Strong Ale
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Hi, Welcome

Post by fitz » Thu Apr 15, 2004 8:27 am

Hi, and welcome to the craft.
Tom was referring to the bottle conditioning that some high gravity or like he said complex flavor profile beers need to get to their optimal taste. Similar to wine.
Most pale ales, pilsners, etc. are best within the first six months. So, unless you are getting into barley wines, or belgians, etc. than you don't have to wait that long. 3 to 4 weeks in the bottle is a good starting time to sample the lighter beers.
As far as the aging, some age their wares in a carboy after it has gone through the primary and secondary fermentations. Although, the more you transfer it, the more chances you have for aeration, or airborne bacteria, so many condition it in the bottle.
As far as filtering, you shouldn't if you are naturally carbonating. You'll need the little bit of yeast that you will still have in the beer to eat the priming sugar and carbonate your beer. If you are force carbonating, and have a counter pressure bottle filler, than you can filter it to remove most of the yeast and remaining sediment. The most important thing about the sediment, is not to disturb it on the bottom of your fermentor. The most sediment I normally have in a bottle conditioned beer is no thicker than a sheet of writing paper, and it clings there fairly well, so you can pour it the beer without the yeast coming with it.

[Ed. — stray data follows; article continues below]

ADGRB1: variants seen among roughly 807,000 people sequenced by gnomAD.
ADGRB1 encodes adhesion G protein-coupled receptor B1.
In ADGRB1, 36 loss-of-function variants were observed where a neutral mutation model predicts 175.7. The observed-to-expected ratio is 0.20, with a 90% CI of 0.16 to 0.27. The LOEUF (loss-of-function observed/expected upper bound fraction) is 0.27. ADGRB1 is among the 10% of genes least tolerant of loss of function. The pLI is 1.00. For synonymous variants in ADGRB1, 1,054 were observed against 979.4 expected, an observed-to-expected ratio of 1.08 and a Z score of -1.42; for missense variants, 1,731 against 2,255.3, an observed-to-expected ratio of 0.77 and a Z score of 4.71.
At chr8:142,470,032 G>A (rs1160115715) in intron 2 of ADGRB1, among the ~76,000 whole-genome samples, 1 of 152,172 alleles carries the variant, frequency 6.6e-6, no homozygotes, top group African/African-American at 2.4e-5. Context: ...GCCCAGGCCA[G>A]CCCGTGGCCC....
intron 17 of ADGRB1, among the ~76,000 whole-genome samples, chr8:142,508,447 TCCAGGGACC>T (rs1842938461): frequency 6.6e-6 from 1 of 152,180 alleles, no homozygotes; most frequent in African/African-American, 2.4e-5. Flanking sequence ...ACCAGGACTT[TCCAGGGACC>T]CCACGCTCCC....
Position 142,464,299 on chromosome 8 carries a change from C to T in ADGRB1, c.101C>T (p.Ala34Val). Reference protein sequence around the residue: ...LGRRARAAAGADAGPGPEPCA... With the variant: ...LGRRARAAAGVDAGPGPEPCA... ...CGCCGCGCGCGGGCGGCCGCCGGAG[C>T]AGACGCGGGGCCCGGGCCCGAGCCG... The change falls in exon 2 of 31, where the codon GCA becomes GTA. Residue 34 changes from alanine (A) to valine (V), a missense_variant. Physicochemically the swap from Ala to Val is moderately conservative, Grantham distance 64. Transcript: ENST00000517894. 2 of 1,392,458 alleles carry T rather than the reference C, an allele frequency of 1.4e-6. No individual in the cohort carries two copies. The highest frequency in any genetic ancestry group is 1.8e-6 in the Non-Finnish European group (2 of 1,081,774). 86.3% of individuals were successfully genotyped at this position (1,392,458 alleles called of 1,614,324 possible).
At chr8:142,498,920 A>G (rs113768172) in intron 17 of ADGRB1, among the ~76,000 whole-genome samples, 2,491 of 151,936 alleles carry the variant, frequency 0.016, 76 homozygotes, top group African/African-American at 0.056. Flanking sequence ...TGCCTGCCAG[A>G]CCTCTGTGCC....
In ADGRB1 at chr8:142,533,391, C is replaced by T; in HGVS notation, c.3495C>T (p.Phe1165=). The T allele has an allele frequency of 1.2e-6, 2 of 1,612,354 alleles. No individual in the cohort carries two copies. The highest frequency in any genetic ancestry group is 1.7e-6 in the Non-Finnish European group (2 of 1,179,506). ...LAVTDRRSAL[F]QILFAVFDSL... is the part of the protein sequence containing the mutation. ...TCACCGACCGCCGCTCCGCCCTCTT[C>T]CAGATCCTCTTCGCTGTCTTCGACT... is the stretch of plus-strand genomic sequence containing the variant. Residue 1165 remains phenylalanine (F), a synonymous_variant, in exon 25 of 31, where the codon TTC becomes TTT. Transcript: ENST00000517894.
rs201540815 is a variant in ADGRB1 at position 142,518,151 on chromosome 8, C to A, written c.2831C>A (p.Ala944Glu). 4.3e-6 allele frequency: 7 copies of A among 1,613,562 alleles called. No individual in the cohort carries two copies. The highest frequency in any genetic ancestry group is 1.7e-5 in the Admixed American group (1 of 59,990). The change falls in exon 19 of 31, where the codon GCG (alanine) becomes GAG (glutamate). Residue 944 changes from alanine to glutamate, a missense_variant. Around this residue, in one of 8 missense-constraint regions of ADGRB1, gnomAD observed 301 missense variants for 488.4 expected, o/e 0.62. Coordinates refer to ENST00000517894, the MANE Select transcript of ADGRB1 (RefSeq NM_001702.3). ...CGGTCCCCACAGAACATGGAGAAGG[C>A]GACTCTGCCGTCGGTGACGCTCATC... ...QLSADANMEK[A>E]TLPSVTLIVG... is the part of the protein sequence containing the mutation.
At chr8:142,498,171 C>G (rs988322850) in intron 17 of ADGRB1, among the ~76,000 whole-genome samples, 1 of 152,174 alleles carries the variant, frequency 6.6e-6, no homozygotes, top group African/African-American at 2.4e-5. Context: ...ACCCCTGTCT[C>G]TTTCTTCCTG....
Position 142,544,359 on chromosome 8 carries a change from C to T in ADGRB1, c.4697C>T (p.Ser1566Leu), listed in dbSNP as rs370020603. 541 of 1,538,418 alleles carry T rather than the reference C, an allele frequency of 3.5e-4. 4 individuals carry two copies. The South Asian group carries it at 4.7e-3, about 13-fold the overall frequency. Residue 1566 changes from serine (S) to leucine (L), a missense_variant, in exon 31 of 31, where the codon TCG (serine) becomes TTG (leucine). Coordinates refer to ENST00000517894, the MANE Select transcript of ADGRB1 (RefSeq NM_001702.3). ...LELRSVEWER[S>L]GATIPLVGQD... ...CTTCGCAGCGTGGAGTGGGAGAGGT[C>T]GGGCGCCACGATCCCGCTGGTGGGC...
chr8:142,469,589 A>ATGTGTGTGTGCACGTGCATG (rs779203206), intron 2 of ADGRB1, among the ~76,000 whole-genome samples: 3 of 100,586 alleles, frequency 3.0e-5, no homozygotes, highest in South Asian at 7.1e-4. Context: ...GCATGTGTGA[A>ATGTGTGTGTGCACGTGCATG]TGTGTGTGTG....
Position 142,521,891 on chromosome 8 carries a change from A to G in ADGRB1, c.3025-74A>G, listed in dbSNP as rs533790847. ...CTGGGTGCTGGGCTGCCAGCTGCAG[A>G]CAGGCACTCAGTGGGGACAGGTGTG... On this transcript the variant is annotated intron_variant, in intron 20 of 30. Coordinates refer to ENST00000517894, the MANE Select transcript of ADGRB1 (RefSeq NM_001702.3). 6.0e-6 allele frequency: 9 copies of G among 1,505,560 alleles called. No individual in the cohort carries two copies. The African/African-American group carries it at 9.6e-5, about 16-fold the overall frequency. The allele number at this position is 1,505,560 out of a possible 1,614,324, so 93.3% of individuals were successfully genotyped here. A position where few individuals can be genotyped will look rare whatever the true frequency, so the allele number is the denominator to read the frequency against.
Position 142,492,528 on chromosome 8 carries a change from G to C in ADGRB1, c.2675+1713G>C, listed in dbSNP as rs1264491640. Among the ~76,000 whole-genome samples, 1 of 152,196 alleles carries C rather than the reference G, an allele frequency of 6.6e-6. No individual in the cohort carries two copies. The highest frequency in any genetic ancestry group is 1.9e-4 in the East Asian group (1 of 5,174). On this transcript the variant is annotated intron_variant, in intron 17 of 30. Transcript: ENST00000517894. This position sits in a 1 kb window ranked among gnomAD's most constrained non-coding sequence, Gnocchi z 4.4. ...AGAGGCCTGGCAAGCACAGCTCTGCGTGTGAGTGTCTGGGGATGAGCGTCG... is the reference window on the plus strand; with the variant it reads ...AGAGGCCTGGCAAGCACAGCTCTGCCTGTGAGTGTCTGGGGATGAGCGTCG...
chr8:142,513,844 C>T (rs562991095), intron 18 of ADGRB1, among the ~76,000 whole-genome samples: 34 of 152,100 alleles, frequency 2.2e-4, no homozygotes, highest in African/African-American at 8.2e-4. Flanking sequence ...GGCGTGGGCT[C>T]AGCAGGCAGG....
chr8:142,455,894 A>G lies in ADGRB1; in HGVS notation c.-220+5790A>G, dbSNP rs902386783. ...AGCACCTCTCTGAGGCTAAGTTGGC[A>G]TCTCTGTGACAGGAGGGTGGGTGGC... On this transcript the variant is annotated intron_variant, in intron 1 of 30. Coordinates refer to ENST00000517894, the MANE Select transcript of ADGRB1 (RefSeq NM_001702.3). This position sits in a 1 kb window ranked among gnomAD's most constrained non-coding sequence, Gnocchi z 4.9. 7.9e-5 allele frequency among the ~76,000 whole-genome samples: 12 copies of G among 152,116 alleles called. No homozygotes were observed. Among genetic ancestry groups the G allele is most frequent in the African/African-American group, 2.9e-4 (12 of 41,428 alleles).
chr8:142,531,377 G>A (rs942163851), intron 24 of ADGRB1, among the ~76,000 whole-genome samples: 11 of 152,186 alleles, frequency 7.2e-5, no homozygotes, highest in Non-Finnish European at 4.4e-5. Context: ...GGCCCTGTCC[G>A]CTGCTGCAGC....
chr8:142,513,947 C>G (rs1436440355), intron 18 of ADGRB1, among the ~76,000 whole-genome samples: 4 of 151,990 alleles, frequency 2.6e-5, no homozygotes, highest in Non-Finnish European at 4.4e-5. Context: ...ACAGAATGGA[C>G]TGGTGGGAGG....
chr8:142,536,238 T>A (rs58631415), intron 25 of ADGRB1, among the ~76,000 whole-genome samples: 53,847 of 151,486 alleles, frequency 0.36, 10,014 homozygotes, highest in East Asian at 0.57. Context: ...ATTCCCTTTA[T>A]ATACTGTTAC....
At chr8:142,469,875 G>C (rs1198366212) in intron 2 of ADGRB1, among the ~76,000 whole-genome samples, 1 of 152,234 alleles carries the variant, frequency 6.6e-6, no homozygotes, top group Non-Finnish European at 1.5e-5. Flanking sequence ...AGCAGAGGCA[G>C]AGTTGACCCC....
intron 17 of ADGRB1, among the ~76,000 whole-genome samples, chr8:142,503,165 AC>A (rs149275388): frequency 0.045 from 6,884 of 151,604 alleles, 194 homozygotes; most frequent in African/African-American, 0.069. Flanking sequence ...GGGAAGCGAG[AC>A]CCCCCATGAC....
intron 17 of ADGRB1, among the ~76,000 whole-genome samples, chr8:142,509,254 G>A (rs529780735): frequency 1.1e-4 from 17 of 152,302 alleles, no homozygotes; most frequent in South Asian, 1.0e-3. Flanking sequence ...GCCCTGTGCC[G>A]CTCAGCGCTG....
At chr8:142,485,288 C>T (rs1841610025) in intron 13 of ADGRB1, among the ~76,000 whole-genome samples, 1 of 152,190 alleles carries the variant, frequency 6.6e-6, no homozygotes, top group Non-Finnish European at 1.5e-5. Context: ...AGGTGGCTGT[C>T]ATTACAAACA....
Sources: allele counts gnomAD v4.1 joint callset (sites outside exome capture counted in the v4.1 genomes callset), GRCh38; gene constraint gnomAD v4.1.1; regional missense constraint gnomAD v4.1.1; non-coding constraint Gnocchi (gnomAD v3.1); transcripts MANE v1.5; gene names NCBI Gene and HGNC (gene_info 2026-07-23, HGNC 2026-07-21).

punkyBREWster
Posts: 6
Joined: Wed Apr 14, 2004 10:12 pm

Here's my issue

Post by punkyBREWster » Thu Apr 15, 2004 4:25 pm

When the bubbles stopped appearing in my air lock, I didn't pour the beer into the secondary fermenter. I've been so busy with my job and working later hours that it has remained in the primary fermenter for about a week or 2 past the time for the secondary fermenter. Am I up the creek now? Out of luck? Should I scrap this first try, or is it ok to go to the next step of pouring the sugar mix into the secondary and move onto bottling?

Azorean Brewer
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No don't throw it out

Post by Azorean Brewer » Fri Apr 16, 2004 6:48 am

PB, Welcome aboard, and congratulations on starting the brew hobby.

As for your beer, my schedule sometimes gets out of control too ... Go ahead and bottle it, what I would recommend in the future though is to "rack" (transfer) your beer from primary to secondary (like above) 2 days after primary has stopped. I usually brew on a Saturday and rack the following Saturday, then let it sit in the secondary for 2-3 weeks, this has worked like a champ for me for the last 12 years ... Then bottle it (use approx. 3/4 cup corn sugar for 5 gallons) after 2-3 weeks your beer should be "naturally Carbonated". You can start drinking it then.